Rumours of a Jawbreaker reunion have been rife almost since the (now) seminal three-piece broke up in 1996, but they’ve been especially prevalent recently. Not too long ago, a band even named themselves Jawbreaker Reunion to capitalise on the Google search term (don’t listen to them – they’re terrible), but there’s still no sign that the actual thing is going to happen any time soon, despite the band – guitarist/vocalist Blake Schwarzenbach, bassist Chris Bauermeister and drummer Adam Pfahler – reissuing their classic third album, 1994’s ‘24 Hour Revenge Therapy’, in celebration of its 20th anniversary last year. In the meantime then, here are, in no particular order, the 13 best Jawbreaker songs. It was meant to be 12, but that proved too difficult. And even with the extra grace, there are still plenty missing – not least ‘Boxcar’, their best-known song. But don’t hold that against us. It was just too damn difficult to choose. And besides, everyone knows that song anyway…
CHESTERFIELD KING (Bivouac, 1992) Released both as the title track to its own EP and on the same year’s third LP, Bivouac, Chesterfield King is quintessential Jawbreaker. Its sharp and snappy (yet deceptively complex) structure is driven by a raw passion matched only by the characters who inhabit the song. A tale of young love, Schwarzenbach’s pithy and incisive turns of phrase elevate this from a simple love breath into a tome of epic emotional proportions that ruminates not only on the love in question, but through the protagonist’s chance encounter with a “toothless woman” in a 7-11 parking lot, pits the folly and freedom of youth against the experience and wisdom of age, while also confronting the human mortality head on with one simple couplet: “Sat and smoked against the wall. Drank a beer and felt the chill of fall.” Does he get the girl? Well, that would be telling, wouldn’t it?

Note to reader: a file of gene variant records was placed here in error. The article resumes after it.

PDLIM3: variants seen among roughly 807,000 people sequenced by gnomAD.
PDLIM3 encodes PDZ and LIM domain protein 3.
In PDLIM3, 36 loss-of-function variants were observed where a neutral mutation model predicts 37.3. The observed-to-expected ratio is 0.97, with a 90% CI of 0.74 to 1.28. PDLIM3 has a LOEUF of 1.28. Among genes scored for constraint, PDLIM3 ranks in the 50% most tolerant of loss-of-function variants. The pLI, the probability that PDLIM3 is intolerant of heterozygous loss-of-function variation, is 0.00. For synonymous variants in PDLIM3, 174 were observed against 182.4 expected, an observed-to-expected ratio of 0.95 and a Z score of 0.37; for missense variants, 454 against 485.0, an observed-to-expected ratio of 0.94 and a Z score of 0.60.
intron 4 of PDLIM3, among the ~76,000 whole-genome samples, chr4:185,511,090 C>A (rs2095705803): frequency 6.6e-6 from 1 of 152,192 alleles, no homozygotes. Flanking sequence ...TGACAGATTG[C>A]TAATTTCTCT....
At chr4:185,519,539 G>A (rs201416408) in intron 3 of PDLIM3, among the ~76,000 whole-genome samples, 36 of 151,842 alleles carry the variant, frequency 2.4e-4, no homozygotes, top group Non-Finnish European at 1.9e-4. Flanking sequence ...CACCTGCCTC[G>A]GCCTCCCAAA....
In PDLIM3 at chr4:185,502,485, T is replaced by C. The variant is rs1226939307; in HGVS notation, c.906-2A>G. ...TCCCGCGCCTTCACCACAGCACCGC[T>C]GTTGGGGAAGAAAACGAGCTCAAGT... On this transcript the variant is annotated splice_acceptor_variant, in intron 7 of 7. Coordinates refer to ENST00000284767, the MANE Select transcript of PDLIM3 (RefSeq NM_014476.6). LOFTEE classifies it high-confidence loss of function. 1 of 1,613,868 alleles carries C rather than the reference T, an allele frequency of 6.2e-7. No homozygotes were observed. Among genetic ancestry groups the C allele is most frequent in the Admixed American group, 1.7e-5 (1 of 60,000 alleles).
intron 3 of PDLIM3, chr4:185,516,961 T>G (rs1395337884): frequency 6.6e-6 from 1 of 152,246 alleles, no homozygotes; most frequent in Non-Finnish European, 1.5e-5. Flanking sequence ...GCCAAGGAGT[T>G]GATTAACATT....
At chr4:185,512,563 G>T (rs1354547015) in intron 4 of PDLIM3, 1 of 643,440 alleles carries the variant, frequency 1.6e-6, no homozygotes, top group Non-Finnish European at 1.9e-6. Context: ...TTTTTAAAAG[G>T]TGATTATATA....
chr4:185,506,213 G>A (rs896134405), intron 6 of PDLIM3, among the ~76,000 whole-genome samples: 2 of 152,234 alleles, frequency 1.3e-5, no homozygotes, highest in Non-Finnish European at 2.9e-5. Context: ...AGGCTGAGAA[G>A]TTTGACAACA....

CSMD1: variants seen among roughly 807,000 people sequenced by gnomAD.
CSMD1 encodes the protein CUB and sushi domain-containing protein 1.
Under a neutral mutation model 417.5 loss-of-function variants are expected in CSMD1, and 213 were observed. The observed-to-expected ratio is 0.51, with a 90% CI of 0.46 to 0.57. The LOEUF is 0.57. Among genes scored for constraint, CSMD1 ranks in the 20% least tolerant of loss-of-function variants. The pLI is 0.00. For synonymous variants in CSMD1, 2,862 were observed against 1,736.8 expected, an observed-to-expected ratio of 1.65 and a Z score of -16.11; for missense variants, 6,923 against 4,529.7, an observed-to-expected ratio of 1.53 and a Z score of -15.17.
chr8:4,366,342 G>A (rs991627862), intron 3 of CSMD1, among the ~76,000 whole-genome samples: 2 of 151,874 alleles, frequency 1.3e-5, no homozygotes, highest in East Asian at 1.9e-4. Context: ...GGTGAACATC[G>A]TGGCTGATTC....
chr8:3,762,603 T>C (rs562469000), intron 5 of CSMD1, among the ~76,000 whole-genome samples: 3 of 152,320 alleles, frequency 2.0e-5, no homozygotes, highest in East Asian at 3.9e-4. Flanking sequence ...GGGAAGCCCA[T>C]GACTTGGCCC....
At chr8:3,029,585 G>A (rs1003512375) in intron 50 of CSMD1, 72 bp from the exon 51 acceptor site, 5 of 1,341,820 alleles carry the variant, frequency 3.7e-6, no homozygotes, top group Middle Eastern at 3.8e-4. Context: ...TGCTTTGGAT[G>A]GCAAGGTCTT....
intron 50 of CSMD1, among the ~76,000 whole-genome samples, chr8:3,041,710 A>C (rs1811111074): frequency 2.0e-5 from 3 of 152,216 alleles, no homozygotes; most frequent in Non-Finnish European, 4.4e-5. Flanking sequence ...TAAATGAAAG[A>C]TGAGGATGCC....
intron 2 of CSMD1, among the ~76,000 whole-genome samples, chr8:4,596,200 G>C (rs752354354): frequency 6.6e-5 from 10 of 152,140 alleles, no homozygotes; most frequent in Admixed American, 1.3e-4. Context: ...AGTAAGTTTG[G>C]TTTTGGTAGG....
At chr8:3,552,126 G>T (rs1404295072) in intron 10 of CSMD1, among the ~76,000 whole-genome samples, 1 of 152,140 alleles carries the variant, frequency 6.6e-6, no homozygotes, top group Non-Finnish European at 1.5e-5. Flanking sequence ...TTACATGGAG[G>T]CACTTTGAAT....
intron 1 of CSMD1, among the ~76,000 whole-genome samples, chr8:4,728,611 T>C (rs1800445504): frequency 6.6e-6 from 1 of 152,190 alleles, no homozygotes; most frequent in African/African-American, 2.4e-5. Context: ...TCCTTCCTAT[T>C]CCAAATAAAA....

ASHTRAY MONUMENT (24 Hour Revenge Therapy, 1994) Matching intelligent and articulate lyrics (and playing) with an earnest heart-on-sleeve confessionalism, this album – their most acclaimed and probably their best, though it’s a close call – paved the way for a thousand poor imitators, and this is arguably its magnificent centerpiece. “No-one said that this life was easy,” bellows Schwarzenbach. “Did that no-one never live a life this hard? It gets hard.” Blurring the line between truth and fiction – “Best friends, strangers now / Were our kids all we could call common ground?” sings the childless Schwarzenbach – it tells the former through the latter, all the while racing, through its insistent, relentless rhythm, towards some kind of absolution or salvation., The only solace, however, is to be found in what was. “After all, it’s not that bad. I still have pictures. I look back at all the things that we once did. You said, ‘I love you.’ I guess you did.”